The beef trade remains on a steady footing, with no change to this week’s quotes compared with last week’s prices paid by factories.
Bullocks are continuing to move at €4.15/kg to €4.20/kg, while heifers are working off €4.20/kg to €4.25/kg quotes.
Donegal is still top of the pile in terms of quotes when its 10c/kg bonus is added in for carcasses killing out between 300kg and 400kg.
Aberdeen Angus and Hereford cattle are still top of the list for processors, with bonuses of between 10c and 25c/kg being paid for the right in-spec animals.
Factory agents had been doing their best to talk down the trade over the last two weeks, but this seems to have abated for now, with a lot of agents still anxious for stock.
Bulls are working off €4.10/kg to €4.20/kg for R grading bulls, with 5c to 10c/kg extra going for U grading bulls. Younger under-16-month bulls are working off €4.10/kg to €4.15/kg on the grid.
The cow trade remains steady, with R grading cows still hitting €3.85/kg to €3.90/kg, with U grading cows making 5c to 10/kg more.
O grading cows are also still strong, with €3.65/kg to €3.75/kg being paid for fleshed cows. P grading cows are generally being bought at €3.55/kg to €3.65/kg.
Across the water, the British industry is still trying to grapple with huge issues around labour shortages in factories, a shortage of lorry drivers and issues around the supply of CO2 gas, which is used in packaging to prolong the shelf life of meat products.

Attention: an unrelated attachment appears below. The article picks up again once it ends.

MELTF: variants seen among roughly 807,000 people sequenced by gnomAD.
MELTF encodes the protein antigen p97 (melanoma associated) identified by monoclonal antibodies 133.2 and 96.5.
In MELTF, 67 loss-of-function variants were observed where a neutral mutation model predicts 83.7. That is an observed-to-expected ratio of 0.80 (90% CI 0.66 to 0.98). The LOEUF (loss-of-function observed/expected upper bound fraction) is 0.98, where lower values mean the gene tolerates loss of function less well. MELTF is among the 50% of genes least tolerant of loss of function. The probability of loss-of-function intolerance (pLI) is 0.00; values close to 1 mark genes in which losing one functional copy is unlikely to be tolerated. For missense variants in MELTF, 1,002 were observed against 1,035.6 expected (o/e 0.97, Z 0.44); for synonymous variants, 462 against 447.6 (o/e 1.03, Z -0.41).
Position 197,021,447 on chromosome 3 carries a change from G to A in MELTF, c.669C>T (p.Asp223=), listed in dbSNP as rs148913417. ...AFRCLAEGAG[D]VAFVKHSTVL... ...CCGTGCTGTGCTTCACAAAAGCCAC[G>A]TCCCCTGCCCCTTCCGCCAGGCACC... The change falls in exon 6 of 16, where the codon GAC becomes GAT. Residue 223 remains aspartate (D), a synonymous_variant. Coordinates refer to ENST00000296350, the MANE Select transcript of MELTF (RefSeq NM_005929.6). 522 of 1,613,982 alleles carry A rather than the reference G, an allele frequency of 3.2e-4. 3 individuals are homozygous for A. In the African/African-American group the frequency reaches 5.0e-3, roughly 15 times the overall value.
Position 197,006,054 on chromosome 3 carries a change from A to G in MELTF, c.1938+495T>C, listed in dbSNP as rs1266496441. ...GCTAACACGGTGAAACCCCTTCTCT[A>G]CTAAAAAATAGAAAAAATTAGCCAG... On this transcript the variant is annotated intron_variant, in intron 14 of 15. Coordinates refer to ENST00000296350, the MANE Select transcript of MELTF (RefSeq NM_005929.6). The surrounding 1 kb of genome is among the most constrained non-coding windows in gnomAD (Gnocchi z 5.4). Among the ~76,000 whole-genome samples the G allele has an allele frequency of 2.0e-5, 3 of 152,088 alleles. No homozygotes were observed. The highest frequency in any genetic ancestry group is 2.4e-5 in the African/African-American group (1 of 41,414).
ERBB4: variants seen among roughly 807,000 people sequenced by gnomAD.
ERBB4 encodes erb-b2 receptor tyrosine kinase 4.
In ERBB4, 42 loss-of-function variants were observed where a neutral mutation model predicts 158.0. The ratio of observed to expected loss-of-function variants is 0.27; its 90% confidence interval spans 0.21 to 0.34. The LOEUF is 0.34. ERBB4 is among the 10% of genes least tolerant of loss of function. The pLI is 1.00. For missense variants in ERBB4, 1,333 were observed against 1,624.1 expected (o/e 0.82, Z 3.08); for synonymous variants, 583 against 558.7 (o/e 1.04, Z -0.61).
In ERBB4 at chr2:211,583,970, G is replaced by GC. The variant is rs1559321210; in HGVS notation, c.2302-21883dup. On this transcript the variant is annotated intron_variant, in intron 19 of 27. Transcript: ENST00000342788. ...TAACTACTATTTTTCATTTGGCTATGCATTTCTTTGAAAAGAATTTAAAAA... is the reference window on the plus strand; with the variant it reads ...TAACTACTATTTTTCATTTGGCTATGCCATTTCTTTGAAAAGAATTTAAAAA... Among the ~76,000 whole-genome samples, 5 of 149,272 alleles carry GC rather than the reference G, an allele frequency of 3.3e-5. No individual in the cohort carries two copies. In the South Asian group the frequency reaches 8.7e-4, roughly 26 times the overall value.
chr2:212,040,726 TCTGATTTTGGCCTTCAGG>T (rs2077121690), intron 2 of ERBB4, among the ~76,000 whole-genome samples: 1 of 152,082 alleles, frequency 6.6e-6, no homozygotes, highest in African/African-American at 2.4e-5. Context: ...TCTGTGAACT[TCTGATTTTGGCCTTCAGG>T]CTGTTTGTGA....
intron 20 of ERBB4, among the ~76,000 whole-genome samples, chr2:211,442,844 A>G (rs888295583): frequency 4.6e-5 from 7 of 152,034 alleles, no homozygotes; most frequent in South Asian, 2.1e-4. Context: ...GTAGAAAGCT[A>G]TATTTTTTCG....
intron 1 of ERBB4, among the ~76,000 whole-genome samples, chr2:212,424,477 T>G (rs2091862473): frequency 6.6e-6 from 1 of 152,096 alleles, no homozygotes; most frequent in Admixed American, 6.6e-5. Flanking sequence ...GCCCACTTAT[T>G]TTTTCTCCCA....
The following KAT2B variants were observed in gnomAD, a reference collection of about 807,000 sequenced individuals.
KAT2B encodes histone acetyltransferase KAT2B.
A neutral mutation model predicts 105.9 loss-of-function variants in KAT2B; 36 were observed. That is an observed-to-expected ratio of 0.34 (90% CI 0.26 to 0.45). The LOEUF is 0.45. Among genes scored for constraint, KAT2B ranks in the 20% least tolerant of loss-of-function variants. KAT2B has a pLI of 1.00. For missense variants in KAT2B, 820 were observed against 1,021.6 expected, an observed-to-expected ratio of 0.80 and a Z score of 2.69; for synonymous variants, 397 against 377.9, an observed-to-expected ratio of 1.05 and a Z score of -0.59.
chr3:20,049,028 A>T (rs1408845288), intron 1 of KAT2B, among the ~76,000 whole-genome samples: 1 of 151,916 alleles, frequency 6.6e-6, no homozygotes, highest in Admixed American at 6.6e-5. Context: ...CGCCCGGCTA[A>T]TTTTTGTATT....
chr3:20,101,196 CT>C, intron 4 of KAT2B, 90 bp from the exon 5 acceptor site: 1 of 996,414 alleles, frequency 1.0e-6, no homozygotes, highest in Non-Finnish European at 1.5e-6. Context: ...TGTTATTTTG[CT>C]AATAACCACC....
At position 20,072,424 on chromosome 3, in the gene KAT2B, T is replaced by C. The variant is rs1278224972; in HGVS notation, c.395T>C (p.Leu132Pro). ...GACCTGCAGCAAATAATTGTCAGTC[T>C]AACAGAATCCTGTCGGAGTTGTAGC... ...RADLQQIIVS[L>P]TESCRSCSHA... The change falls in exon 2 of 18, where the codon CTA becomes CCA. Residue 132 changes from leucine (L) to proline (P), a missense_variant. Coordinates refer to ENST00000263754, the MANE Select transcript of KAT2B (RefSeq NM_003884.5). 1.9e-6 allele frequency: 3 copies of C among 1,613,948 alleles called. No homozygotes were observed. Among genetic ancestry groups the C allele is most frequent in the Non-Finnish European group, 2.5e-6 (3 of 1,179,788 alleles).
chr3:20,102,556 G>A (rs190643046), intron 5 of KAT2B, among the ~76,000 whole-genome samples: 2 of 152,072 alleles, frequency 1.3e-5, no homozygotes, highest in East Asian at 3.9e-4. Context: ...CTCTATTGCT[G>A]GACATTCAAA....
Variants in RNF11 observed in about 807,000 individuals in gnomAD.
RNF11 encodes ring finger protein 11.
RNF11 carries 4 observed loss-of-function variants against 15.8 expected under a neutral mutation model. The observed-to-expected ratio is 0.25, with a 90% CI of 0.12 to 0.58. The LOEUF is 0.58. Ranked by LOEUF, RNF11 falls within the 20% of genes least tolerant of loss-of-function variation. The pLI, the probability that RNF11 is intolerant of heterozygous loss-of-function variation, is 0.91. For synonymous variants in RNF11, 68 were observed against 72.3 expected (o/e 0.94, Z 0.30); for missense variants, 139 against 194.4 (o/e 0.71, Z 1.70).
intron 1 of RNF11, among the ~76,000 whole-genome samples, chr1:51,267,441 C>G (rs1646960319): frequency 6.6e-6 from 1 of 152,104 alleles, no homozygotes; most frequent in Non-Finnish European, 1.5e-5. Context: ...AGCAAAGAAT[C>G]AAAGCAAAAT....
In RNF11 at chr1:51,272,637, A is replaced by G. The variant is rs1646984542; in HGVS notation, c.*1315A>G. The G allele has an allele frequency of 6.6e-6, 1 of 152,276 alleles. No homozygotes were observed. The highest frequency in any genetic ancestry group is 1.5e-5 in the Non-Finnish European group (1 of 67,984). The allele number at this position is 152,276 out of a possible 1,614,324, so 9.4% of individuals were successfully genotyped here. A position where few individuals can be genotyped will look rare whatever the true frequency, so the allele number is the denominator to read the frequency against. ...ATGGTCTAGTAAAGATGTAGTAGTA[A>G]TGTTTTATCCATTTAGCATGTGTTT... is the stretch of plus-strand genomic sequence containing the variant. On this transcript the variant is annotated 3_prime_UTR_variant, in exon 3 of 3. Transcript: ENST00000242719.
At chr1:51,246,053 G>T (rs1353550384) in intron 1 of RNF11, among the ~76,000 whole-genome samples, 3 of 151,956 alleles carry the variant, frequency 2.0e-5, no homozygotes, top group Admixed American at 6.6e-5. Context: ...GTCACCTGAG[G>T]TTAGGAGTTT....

The Irish Farmers Journal understands that a number of new contracts are close to agreement between some British supermarkets and Irish processors.
Retailers across the water are said to be nervous about the upcoming Christmas supply chain and are keen to avoid any situation where shop shelves are left empty, especially during periods where pre-Christmas offers on meat drive supermarket footfall.
Research has shown that beef is a major driver of supermarket footfall, so retailers treat meat contracts with high priority. This is good news for Irish beef finishers.
With processors locked into supermarket contracts, they will be eager to guarantee their own supply of finished cattle in the run-up to Christmas.
This will have a positive effect on price and should increase the chances of larger suppliers being issued with finishing contracts in the coming weeks.